Only downside is that with the schedule we worked out I can't take the Katori Shino Ryu classes. Oh well. When larp ends I'll see about changing my schedule. For now I'll be content with the aikido weapons classes.

Later I headed down to Beloit for larp. The game was great, despite my having to leave and come back halfway through for the advanced swing lesson and also having no direct plot. me_actor_ug's character needs to get back. Very good game.

Then it was over to Pearson's for the rest of dance. Had a few good dances with shadow1869, one of the best I've had with lacrimawanders in, well ever, and lots with lots of other people (my appologies if I didn't give a specific mention). God I love dance.

Then there was a dinering posse with lex_of_green, runthebear, jinxmurphy, mythic, resplendant_sun, and Illana. Good group, good conversation, surprisingly good steak, and bad eggs.

Fucking awesome Saturday.


So I went dancing tonight up in Waunakee at the Dollar Dance to benefit the Red Cross. Good dance but that's not the point. They had a number of dance teachers there auctioning off private lessons to help raise money. Still not the point.

One of the teachers is apparently close friends with this guy, Anthony something or other, who founded the public school ballroom dance program in New York City as a youth outreach program. She's trying to start a similar program in Wisconsin. All this was just a way for her to introduce the guy (he was actually there) who was giving away some movies as door prizes, but when she got off stage I went and talked to her about volunteering to help her with the program. She was very excited and we're going to talk about it on Tuesday. I don't know if I know enough to teach, but at the very least I should be able to help with coordinating stuff with the schools, organizing volunteers, etc.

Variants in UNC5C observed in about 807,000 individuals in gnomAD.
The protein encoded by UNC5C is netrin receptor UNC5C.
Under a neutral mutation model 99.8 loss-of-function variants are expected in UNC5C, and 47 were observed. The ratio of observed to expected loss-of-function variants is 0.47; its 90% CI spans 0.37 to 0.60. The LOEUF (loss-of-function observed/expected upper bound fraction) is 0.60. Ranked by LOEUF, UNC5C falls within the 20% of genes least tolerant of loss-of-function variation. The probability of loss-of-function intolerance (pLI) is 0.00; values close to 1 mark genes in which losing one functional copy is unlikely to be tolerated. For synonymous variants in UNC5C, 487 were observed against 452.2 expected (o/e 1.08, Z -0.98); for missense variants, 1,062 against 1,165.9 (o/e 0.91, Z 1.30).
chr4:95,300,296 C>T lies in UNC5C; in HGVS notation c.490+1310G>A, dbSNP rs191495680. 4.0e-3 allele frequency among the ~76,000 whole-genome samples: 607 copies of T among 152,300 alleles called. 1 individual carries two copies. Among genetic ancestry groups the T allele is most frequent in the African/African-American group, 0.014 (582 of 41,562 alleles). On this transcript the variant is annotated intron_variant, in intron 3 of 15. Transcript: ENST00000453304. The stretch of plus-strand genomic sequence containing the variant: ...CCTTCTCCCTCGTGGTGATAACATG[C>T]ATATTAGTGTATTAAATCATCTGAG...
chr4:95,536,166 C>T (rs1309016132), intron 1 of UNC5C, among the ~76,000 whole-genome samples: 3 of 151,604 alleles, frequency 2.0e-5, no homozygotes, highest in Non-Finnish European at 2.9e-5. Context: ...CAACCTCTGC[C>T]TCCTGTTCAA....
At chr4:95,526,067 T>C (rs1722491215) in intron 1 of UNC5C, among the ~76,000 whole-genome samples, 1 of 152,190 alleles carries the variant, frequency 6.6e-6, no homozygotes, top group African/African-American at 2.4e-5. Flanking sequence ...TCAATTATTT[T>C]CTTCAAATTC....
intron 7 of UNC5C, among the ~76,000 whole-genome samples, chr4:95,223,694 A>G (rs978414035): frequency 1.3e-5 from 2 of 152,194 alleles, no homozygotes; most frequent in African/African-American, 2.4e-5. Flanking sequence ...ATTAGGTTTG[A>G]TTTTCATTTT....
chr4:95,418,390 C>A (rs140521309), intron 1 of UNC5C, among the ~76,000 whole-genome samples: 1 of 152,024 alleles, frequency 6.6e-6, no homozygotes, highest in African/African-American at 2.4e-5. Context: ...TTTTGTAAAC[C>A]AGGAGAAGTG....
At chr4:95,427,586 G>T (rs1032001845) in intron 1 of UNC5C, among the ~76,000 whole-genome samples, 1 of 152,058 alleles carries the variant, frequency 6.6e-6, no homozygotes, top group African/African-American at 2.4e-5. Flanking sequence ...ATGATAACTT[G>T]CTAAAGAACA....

I've been looking for something to volunteer with to give back to the communty and this is just awesome.


I've been reading Norah Vincent's Self Made Man. I first heard about Vincent from feralkiwi posted an interview with her on NPR. Later that night she was on the Colbert Report. In both cases she was discussing the book. Essentially she spent a year disguised as a man. She socialized with men, dated women, spent time in a monastary, visited strip clubs, joined the work force, and participated in a men's group. It's a good book. The "man from Mars" perspective serves not only her but the reader. Women may appreciate the book but I highly recommend it to men.

I don't consider myself an emotionally disconnected man. I've never thought of myself as having trouble talking about my feelings. I freely indulge in a lifestyle many consider effemenate and homosexual. Yet my identiy is that of a man.

Judaism tells me I became a man when I was Mitzvahed. Typical macho bullshit tells me I became a man when I first had sex. Though they've never said as much, I'm fairly certain my parents feel that I became a man when I left for school. But to me there was never any clear line. For starters there was a stage between boy and man, a stage many people reference but never really consider. No, not even Dave Barry. I refer, of course, to my time as a guy. I have talked before about the difference between a nice guy and a good man. The positive adjectives affect the situation but their are similarities between the term relations.